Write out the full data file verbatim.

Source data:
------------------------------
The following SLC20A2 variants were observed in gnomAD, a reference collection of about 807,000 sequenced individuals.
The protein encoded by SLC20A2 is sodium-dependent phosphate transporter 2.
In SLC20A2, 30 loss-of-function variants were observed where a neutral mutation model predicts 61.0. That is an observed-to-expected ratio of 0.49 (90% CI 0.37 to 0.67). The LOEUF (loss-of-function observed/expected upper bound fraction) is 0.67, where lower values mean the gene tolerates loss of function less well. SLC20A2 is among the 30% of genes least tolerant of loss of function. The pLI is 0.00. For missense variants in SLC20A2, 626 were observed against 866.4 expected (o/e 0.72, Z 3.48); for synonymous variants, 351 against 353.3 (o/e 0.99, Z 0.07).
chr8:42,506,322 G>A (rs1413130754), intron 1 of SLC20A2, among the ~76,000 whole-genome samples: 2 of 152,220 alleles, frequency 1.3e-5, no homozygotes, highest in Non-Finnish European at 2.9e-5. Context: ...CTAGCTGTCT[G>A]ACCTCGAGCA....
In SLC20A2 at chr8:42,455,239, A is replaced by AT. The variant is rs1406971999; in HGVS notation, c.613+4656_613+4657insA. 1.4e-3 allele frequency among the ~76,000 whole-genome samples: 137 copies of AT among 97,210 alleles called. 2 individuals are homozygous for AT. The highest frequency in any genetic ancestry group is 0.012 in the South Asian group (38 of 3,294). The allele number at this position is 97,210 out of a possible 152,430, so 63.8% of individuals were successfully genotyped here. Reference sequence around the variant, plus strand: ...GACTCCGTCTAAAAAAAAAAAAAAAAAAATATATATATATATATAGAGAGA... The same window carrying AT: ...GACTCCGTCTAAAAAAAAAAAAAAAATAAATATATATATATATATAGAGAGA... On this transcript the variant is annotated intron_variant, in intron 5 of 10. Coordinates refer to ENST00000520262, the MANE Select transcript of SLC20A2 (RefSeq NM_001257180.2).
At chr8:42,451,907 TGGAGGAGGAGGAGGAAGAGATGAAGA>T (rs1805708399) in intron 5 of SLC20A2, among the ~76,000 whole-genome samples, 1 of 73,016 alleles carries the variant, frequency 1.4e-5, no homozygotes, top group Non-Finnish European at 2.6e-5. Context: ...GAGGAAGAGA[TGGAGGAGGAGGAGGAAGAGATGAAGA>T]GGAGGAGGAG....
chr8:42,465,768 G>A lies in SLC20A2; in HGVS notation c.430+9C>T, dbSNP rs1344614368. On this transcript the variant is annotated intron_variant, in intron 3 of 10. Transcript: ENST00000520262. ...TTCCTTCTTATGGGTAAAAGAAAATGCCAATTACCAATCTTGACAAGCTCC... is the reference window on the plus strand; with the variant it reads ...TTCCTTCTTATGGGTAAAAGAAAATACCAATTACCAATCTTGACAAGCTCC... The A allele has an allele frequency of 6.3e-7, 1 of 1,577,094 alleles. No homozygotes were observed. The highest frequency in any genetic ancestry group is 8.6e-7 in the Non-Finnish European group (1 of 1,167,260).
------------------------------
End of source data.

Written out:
The following SLC20A2 variants were observed in gnomAD, a reference collection of about 807,000 sequenced individuals.
The protein encoded by SLC20A2 is sodium-dependent phosphate transporter 2.
In SLC20A2, 30 loss-of-function variants were observed where a neutral mutation model predicts 61.0. That is an observed-to-expected ratio of 0.49 (90% CI 0.37 to 0.67). The LOEUF (loss-of-function observed/expected upper bound fraction) is 0.67, where lower values mean the gene tolerates loss of function less well. SLC20A2 is among the 30% of genes least tolerant of loss of function. The pLI is 0.00. For missense variants in SLC20A2, 626 were observed against 866.4 expected (o/e 0.72, Z 3.48); for synonymous variants, 351 against 353.3 (o/e 0.99, Z 0.07).
chr8:42,506,322 G>A (rs1413130754), intron 1 of SLC20A2, among the ~76,000 whole-genome samples: 2 of 152,220 alleles, frequency 1.3e-5, no homozygotes, highest in Non-Finnish European at 2.9e-5. Context: ...CTAGCTGTCT[G>A]ACCTCGAGCA....
In SLC20A2 at chr8:42,455,239, A is replaced by AT. The variant is rs1406971999; in HGVS notation, c.613+4656_613+4657insA. 1.4e-3 allele frequency among the ~76,000 whole-genome samples: 137 copies of AT among 97,210 alleles called. 2 individuals are homozygous for AT. The highest frequency in any genetic ancestry group is 0.012 in the South Asian group (38 of 3,294). The allele number at this position is 97,210 out of a possible 152,430, so 63.8% of individuals were successfully genotyped here. Reference sequence around the variant, plus strand: ...GACTCCGTCTAAAAAAAAAAAAAAAAAAATATATATATATATATAGAGAGA... The same window carrying AT: ...GACTCCGTCTAAAAAAAAAAAAAAAATAAATATATATATATATATAGAGAGA... On this transcript the variant is annotated intron_variant, in intron 5 of 10. Coordinates refer to ENST00000520262, the MANE Select transcript of SLC20A2 (RefSeq NM_001257180.2).
At chr8:42,451,907 TGGAGGAGGAGGAGGAAGAGATGAAGA>T (rs1805708399) in intron 5 of SLC20A2, among the ~76,000 whole-genome samples, 1 of 73,016 alleles carries the variant, frequency 1.4e-5, no homozygotes, top group Non-Finnish European at 2.6e-5. Context: ...GAGGAAGAGA[TGGAGGAGGAGGAGGAAGAGATGAAGA>T]GGAGGAGGAG....
chr8:42,465,768 G>A lies in SLC20A2; in HGVS notation c.430+9C>T, dbSNP rs1344614368. On this transcript the variant is annotated intron_variant, in intron 3 of 10. Transcript: ENST00000520262. ...TTCCTTCTTATGGGTAAAAGAAAATGCCAATTACCAATCTTGACAAGCTCC... is the reference window on the plus strand; with the variant it reads ...TTCCTTCTTATGGGTAAAAGAAAATACCAATTACCAATCTTGACAAGCTCC... The A allele has an allele frequency of 6.3e-7, 1 of 1,577,094 alleles. No homozygotes were observed. The highest frequency in any genetic ancestry group is 8.6e-7 in the Non-Finnish European group (1 of 1,167,260).